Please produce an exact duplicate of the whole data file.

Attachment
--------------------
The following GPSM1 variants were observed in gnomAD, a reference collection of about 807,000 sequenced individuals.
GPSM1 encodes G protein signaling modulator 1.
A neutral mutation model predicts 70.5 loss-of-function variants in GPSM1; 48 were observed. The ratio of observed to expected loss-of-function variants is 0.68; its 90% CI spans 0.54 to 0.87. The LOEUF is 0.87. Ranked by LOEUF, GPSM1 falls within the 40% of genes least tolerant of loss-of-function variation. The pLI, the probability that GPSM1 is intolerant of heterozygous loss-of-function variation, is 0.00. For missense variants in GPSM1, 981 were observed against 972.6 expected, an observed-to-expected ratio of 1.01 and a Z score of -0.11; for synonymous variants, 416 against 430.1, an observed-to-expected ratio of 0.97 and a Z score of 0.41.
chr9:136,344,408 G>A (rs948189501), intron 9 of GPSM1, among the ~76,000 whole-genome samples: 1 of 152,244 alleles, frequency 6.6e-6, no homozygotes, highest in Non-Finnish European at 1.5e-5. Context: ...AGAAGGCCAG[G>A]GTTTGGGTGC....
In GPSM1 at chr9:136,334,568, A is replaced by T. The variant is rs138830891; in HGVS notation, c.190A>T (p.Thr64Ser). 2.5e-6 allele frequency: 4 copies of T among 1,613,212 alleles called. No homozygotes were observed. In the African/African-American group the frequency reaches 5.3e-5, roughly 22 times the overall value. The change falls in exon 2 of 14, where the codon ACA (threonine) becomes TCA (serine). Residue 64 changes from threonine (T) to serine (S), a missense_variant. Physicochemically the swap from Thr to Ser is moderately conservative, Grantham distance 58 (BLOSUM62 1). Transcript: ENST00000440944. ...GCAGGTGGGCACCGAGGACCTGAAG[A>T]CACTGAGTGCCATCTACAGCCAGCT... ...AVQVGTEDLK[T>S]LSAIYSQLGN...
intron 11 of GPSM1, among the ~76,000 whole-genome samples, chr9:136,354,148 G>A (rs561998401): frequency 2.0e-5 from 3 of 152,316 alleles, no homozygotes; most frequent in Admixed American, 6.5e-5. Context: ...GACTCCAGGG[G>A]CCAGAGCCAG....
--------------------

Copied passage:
The following GPSM1 variants were observed in gnomAD, a reference collection of about 807,000 sequenced individuals.
GPSM1 encodes G protein signaling modulator 1.
A neutral mutation model predicts 70.5 loss-of-function variants in GPSM1; 48 were observed. The ratio of observed to expected loss-of-function variants is 0.68; its 90% CI spans 0.54 to 0.87. The LOEUF is 0.87. Ranked by LOEUF, GPSM1 falls within the 40% of genes least tolerant of loss-of-function variation. The pLI, the probability that GPSM1 is intolerant of heterozygous loss-of-function variation, is 0.00. For missense variants in GPSM1, 981 were observed against 972.6 expected, an observed-to-expected ratio of 1.01 and a Z score of -0.11; for synonymous variants, 416 against 430.1, an observed-to-expected ratio of 0.97 and a Z score of 0.41.
chr9:136,344,408 G>A (rs948189501), intron 9 of GPSM1, among the ~76,000 whole-genome samples: 1 of 152,244 alleles, frequency 6.6e-6, no homozygotes, highest in Non-Finnish European at 1.5e-5. Context: ...AGAAGGCCAG[G>A]GTTTGGGTGC....
In GPSM1 at chr9:136,334,568, A is replaced by T. The variant is rs138830891; in HGVS notation, c.190A>T (p.Thr64Ser). 2.5e-6 allele frequency: 4 copies of T among 1,613,212 alleles called. No homozygotes were observed. In the African/African-American group the frequency reaches 5.3e-5, roughly 22 times the overall value. The change falls in exon 2 of 14, where the codon ACA (threonine) becomes TCA (serine). Residue 64 changes from threonine (T) to serine (S), a missense_variant. Physicochemically the swap from Thr to Ser is moderately conservative, Grantham distance 58 (BLOSUM62 1). Transcript: ENST00000440944. ...GCAGGTGGGCACCGAGGACCTGAAG[A>T]CACTGAGTGCCATCTACAGCCAGCT... ...AVQVGTEDLK[T>S]LSAIYSQLGN...
intron 11 of GPSM1, among the ~76,000 whole-genome samples, chr9:136,354,148 G>A (rs561998401): frequency 2.0e-5 from 3 of 152,316 alleles, no homozygotes; most frequent in Admixed American, 6.5e-5. Context: ...GACTCCAGGG[G>A]CCAGAGCCAG....